Home > Reviews > THE SILENCE OF THE LAMBS – Howard Shore


February 19, 2021 Leave a comment Go to comments


Original Review by Jonathan Broxton

Despite having first appeared on screen in 1986 in director Michael Mann’s Manhunter, the character Hannibal Lecter exploded into public consciousness five years later with this film, The Silence of the Lambs. Based on the best-selling novel by Thomas Harris and directed by Jonathan Demme, the film follows the investigation into a serial killer dubbed ‘Buffalo Bill,’ who abducts young women and methodically strips skin from their bodies before murdering them. Rookie FBI agent Clarice Starling (Jodie Foster) is tasked by Jack Crawford (Scott Glenn), the head of the Behavioral Science Unit, to visit and interview the incarcerated Lecter (Anthony Hopkins in a career-defining role); as well as being a cannibalistic serial killer himself, Lecter is also a brilliant psychologist, and it is believed his insight may help the FBI catch ‘Bill’ before he kills again. However, as well as helping build up a profile of the murderer, Lecter also convinces Clarice to provide details of her own life as part of a ‘quid pro quo’ arrangement, and the two begin an unlikely intellectual relationship that threatens to derail the investigation.

The film was an enormous critical and commercial success, with many commentators considering it to be one of the greatest horror/thriller films ever made, with a legacy that continues to influence film and television some thirty years later. Despite him having already had an acclaimed career stretching back to the 1960s, it made the then-54-year-old Anthony Hopkins a bonafide movie star, with his startling performance as Lecter becoming a gold standard for the genre. Many of the film’s lines – “I ate his liver with some fava beans and a nice chianti,” “It rubs the lotion on its skin” – have become iconic in cinema history, and hindsight has shown that the film ushered in a public fascination with serial killers which continues to this day. I personally consider it to be one of my all-time favorite films, and the Academy Awards agreed with me: at the time of writing it remains one of only three films to win the Big Five of Best Picture, Best Director for Demme, Best Actor for Hopkins, Best Actress for Foster, and Best Screenplay for Ted Tally. However, perhaps a little surprisingly, the one aspect of the film which tends to be overlooked is its score, by Howard Shore.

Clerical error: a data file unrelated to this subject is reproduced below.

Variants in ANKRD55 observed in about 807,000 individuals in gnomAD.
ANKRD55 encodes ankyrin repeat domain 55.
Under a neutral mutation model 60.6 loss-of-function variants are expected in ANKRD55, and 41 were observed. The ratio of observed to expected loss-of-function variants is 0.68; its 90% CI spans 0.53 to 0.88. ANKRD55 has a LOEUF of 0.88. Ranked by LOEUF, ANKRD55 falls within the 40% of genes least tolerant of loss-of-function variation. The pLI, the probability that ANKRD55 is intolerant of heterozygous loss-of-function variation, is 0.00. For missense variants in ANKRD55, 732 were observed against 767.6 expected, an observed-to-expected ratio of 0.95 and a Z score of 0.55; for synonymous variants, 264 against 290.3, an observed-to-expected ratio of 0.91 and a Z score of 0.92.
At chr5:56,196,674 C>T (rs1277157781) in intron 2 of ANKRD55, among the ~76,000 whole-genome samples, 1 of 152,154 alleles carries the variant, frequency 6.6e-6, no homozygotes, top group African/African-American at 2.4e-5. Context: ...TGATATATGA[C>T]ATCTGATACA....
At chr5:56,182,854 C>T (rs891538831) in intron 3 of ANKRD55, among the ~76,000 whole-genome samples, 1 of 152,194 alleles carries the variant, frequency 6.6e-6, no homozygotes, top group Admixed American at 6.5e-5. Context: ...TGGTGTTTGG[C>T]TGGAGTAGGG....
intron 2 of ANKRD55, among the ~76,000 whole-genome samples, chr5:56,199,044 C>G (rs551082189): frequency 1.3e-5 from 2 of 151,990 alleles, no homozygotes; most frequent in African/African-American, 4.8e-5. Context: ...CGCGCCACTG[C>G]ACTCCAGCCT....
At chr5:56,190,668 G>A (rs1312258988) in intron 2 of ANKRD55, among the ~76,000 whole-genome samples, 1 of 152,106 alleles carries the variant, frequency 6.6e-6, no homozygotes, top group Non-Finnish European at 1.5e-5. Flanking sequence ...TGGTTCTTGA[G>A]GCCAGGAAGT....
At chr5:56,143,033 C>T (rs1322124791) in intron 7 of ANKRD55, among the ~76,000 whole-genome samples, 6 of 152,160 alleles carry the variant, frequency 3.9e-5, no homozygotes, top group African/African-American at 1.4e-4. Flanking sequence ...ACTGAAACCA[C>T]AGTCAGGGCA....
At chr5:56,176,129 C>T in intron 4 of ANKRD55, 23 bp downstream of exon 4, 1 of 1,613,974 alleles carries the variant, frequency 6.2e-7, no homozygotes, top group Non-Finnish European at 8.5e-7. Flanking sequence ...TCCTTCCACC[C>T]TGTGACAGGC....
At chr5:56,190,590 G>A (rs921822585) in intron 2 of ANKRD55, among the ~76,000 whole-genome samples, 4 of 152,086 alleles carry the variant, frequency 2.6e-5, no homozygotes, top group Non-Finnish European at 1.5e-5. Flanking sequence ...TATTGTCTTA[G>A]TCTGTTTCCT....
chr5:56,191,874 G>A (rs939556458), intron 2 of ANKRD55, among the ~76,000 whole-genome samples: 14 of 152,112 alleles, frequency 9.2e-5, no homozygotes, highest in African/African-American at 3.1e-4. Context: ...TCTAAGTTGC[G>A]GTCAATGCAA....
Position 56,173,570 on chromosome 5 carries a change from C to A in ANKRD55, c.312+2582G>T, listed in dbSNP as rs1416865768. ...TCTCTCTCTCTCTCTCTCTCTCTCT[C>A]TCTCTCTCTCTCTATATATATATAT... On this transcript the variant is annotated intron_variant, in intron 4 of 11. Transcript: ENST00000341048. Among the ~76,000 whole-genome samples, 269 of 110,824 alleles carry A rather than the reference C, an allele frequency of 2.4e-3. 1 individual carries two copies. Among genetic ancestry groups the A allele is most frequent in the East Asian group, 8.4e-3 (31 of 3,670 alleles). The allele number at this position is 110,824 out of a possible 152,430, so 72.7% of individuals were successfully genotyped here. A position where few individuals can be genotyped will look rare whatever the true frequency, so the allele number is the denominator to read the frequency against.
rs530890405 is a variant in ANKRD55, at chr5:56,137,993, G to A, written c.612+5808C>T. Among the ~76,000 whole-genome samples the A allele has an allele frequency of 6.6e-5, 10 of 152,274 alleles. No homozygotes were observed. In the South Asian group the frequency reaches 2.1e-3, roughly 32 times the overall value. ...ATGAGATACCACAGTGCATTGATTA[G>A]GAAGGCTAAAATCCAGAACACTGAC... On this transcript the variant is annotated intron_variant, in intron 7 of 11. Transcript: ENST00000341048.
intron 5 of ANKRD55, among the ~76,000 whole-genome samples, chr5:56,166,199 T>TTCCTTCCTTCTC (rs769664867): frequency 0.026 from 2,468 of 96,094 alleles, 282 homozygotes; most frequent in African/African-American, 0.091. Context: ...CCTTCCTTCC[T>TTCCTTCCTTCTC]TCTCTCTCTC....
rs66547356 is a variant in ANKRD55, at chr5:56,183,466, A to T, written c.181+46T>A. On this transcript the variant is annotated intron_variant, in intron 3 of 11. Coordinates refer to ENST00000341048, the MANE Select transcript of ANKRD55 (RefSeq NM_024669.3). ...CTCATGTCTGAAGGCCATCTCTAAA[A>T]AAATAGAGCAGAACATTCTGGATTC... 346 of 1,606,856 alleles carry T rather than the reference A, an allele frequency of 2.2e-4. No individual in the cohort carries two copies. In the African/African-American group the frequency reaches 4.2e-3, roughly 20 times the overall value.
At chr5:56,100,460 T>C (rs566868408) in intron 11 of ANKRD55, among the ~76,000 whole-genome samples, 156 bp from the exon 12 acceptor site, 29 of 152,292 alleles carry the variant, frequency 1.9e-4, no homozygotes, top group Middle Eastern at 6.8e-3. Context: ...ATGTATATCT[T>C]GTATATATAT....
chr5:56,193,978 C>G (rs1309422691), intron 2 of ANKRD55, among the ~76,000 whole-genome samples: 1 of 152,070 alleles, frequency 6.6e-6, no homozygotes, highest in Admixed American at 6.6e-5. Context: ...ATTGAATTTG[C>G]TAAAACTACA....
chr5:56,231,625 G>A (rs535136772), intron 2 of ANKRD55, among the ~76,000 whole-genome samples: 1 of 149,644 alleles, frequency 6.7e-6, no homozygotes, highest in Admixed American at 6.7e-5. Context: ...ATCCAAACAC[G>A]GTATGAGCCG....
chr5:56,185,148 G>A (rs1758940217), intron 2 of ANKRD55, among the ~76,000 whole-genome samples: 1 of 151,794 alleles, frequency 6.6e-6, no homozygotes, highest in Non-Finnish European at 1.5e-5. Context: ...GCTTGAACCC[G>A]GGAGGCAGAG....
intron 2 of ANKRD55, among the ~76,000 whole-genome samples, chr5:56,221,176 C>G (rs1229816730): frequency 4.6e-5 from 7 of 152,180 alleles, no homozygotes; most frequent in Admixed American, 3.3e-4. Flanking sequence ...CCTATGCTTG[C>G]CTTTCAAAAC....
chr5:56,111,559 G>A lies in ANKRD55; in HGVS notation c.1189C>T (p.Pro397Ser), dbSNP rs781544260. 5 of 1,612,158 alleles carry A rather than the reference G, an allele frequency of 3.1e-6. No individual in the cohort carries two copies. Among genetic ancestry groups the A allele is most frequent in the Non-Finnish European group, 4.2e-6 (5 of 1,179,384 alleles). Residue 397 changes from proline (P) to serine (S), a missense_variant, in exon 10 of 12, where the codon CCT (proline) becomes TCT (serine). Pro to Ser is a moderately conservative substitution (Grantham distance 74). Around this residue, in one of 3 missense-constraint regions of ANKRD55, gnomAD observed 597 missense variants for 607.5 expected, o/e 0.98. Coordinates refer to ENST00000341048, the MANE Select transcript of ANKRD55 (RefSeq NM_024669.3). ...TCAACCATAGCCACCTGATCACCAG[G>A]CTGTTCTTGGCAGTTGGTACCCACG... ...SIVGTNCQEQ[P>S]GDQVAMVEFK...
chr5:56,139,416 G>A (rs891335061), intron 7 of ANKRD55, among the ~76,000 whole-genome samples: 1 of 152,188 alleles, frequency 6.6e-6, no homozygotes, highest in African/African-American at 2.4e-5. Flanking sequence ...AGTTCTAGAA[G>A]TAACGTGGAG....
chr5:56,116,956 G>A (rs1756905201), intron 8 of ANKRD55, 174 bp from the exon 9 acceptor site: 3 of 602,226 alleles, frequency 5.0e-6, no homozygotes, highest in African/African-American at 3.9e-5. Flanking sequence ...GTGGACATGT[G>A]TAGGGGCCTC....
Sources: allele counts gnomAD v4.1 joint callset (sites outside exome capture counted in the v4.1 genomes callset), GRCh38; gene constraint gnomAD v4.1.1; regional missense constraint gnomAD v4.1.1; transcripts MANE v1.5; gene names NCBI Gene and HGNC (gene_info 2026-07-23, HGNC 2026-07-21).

The Silence of the Lambs was the first collaboration between Demme and Shore, but Shore’s hiring for this film made sense considering that the unassuming Canadian had made his name scoring a series of dark, brooding drama, horror, and thriller films for director David Cronenberg, notably Scanners, Videodrome, The Fly, and Dead Ringers. His work is a claustrophobic, overwhelming exercise in tension and suffocating atmosphere, filled with endless scenes of restlessly shifting string writing and low brass, which sometimes rises to beautiful, operatic heights. The score does contain themes – several of them, in fact – but everything is subservient to Shore’s intimidating tones, which help give the scenes between Lecter and Starling an overwhelming sense of dread.

The “Main Title” – which underscores a fun piece of misdirection which initially makes you think Starling is being chased by a killer, until you realize she is actually completing an FBI training assault course – is anchored around a hopeful and lyrical 5-note recurring oboe motif that acts as a theme for Clarice, and gradually grows to encompass a brooding, slightly morose set of textures that oscillate between low strings and low woodwinds. The second main recurring theme appears at 0:55, and is a more haunting 7-note motif that foreshadows Clarice’s impending encounters with Hannibal Lecter. The rest of the piece is a series of variations and collisions of these two ideas, moving backwards and forwards and through each other, while the rest of the orchestra performs a series of unsettling, undulating chords to add to the sense of unease. It’s actually very clever how Shore presents this musical symbiotic relationship right from the get-go, before Starling and Lecter have even met, planting the musical seeds in the mind of the viewer and the listener.